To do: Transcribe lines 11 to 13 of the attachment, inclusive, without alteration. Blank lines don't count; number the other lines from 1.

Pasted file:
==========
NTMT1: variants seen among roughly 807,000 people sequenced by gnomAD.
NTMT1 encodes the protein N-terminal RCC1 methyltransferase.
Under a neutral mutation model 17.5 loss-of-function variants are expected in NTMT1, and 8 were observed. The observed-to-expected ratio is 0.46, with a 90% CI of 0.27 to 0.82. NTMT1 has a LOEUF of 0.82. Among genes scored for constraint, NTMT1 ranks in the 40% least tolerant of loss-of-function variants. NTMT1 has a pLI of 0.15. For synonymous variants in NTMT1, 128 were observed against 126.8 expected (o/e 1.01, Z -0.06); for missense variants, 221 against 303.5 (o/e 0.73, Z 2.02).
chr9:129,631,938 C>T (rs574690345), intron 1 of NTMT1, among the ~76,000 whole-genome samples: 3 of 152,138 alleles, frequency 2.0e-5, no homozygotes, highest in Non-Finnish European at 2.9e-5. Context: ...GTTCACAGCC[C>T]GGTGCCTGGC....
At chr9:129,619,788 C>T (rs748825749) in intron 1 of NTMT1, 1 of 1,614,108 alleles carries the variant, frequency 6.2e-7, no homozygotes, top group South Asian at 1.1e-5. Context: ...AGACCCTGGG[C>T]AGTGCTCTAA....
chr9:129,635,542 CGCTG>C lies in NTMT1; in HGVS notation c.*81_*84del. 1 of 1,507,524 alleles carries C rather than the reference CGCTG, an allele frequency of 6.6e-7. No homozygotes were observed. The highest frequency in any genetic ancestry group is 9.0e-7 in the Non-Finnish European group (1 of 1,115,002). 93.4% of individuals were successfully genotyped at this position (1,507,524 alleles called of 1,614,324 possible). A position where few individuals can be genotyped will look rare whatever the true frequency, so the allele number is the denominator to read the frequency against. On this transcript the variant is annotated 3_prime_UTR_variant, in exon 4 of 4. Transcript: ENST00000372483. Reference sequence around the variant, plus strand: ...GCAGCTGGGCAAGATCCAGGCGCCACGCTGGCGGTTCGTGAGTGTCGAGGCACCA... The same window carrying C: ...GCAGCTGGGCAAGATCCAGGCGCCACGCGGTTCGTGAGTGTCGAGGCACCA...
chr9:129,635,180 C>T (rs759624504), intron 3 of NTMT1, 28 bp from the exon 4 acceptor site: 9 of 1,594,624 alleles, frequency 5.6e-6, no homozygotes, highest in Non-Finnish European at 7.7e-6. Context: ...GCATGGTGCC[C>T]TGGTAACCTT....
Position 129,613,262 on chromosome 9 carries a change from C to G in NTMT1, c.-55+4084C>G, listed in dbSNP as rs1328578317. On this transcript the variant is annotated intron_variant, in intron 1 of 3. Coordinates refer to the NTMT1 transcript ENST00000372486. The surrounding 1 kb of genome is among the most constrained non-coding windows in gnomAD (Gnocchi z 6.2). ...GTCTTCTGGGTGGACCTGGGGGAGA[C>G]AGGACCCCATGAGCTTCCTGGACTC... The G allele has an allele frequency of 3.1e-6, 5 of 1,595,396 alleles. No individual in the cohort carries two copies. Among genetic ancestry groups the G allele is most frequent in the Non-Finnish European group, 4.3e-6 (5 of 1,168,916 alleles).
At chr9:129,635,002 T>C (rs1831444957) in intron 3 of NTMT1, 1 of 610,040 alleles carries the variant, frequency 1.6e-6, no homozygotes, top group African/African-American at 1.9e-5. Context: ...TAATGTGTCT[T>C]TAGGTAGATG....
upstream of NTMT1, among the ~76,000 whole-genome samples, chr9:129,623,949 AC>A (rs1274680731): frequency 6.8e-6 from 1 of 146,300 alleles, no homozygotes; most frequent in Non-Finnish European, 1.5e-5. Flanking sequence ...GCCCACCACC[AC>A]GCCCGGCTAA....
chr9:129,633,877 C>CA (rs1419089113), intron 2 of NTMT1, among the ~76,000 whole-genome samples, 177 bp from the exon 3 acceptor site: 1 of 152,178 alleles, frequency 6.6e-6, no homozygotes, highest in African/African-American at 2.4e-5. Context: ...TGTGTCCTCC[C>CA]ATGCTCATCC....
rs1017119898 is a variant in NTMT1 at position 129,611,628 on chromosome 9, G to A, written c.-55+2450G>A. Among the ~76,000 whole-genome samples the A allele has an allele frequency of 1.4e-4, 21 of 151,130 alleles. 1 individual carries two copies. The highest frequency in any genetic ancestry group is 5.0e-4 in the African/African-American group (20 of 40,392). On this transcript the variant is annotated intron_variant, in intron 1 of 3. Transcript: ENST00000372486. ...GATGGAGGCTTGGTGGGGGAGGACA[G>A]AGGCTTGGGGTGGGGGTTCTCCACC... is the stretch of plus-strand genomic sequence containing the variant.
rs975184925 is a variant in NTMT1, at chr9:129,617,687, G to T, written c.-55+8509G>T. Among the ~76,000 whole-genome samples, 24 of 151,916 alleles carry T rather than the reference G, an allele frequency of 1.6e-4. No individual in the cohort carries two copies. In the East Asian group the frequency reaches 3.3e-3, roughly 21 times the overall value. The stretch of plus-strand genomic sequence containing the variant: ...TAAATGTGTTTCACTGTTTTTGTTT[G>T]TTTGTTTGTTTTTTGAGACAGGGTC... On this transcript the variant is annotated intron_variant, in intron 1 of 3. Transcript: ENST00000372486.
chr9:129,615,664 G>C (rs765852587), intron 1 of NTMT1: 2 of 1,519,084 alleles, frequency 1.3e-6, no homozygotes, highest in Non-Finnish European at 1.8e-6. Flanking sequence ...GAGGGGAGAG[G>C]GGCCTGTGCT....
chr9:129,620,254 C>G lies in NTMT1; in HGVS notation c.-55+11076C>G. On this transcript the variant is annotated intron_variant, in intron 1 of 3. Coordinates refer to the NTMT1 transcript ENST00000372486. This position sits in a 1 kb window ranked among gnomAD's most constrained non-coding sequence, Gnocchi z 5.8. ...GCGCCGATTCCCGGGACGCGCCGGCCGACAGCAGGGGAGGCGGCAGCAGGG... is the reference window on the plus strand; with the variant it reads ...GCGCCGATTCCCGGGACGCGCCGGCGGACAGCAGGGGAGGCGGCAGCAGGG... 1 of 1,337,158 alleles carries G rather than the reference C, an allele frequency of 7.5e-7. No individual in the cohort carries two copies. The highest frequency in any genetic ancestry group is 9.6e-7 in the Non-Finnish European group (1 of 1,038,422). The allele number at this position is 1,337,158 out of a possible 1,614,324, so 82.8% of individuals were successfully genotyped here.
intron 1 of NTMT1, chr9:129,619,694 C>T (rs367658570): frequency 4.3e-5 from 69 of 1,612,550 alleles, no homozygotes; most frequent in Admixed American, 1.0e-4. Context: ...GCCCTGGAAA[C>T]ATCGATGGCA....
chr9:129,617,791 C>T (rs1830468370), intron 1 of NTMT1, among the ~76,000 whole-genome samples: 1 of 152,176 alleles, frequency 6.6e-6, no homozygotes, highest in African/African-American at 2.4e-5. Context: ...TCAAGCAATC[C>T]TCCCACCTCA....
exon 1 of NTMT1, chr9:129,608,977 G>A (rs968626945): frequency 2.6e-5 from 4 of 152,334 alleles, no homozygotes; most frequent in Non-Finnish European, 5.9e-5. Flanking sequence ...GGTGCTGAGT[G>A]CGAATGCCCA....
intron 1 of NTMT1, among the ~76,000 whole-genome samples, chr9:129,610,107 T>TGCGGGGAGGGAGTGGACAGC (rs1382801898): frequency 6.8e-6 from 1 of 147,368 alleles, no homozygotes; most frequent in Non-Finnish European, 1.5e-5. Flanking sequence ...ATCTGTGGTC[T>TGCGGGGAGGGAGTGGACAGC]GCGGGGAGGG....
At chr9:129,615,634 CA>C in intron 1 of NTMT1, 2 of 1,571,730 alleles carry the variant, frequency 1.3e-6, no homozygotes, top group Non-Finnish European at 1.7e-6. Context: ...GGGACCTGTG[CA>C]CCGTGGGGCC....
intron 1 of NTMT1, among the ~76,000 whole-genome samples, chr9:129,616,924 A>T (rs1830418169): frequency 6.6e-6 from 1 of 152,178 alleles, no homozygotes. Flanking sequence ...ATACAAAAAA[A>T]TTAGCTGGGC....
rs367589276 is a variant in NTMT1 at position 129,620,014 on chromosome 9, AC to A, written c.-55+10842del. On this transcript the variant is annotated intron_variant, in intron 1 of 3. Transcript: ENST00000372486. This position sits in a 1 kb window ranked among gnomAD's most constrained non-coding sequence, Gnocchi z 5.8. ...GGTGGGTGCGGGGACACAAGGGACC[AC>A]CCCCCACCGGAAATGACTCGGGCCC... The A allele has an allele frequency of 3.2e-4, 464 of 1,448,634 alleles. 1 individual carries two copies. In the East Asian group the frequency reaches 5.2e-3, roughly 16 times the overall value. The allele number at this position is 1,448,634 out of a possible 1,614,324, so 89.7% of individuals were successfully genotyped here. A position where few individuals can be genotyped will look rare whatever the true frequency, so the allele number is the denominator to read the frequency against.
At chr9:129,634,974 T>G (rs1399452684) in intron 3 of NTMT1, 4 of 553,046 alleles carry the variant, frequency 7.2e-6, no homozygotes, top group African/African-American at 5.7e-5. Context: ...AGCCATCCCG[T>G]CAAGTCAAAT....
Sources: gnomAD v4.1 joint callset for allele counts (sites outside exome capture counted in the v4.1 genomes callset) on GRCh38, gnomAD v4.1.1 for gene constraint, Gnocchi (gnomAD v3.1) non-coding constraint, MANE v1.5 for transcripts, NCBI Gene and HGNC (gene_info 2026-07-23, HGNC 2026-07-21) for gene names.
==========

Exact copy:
chr9:129,633,877 C>CA (rs1419089113), intron 2 of NTMT1, among the ~76,000 whole-genome samples, 177 bp from the exon 3 acceptor site: 1 of 152,178 alleles, frequency 6.6e-6, no homozygotes, highest in African/African-American at 2.4e-5. Context: ...TGTGTCCTCC[C>CA]ATGCTCATCC....
rs1017119898 is a variant in NTMT1 at position 129,611,628 on chromosome 9, G to A, written c.-55+2450G>A. Among the ~76,000 whole-genome samples the A allele has an allele frequency of 1.4e-4, 21 of 151,130 alleles. 1 individual carries two copies. The highest frequency in any genetic ancestry group is 5.0e-4 in the African/African-American group (20 of 40,392). On this transcript the variant is annotated intron_variant, in intron 1 of 3. Transcript: ENST00000372486. ...GATGGAGGCTTGGTGGGGGAGGACA[G>A]AGGCTTGGGGTGGGGGTTCTCCACC... is the stretch of plus-strand genomic sequence containing the variant.
rs975184925 is a variant in NTMT1, at chr9:129,617,687, G to T, written c.-55+8509G>T. Among the ~76,000 whole-genome samples, 24 of 151,916 alleles carry T rather than the reference G, an allele frequency of 1.6e-4. No individual in the cohort carries two copies. In the East Asian group the frequency reaches 3.3e-3, roughly 21 times the overall value. The stretch of plus-strand genomic sequence containing the variant: ...TAAATGTGTTTCACTGTTTTTGTTT[G>T]TTTGTTTGTTTTTTGAGACAGGGTC... On this transcript the variant is annotated intron_variant, in intron 1 of 3. Transcript: ENST00000372486.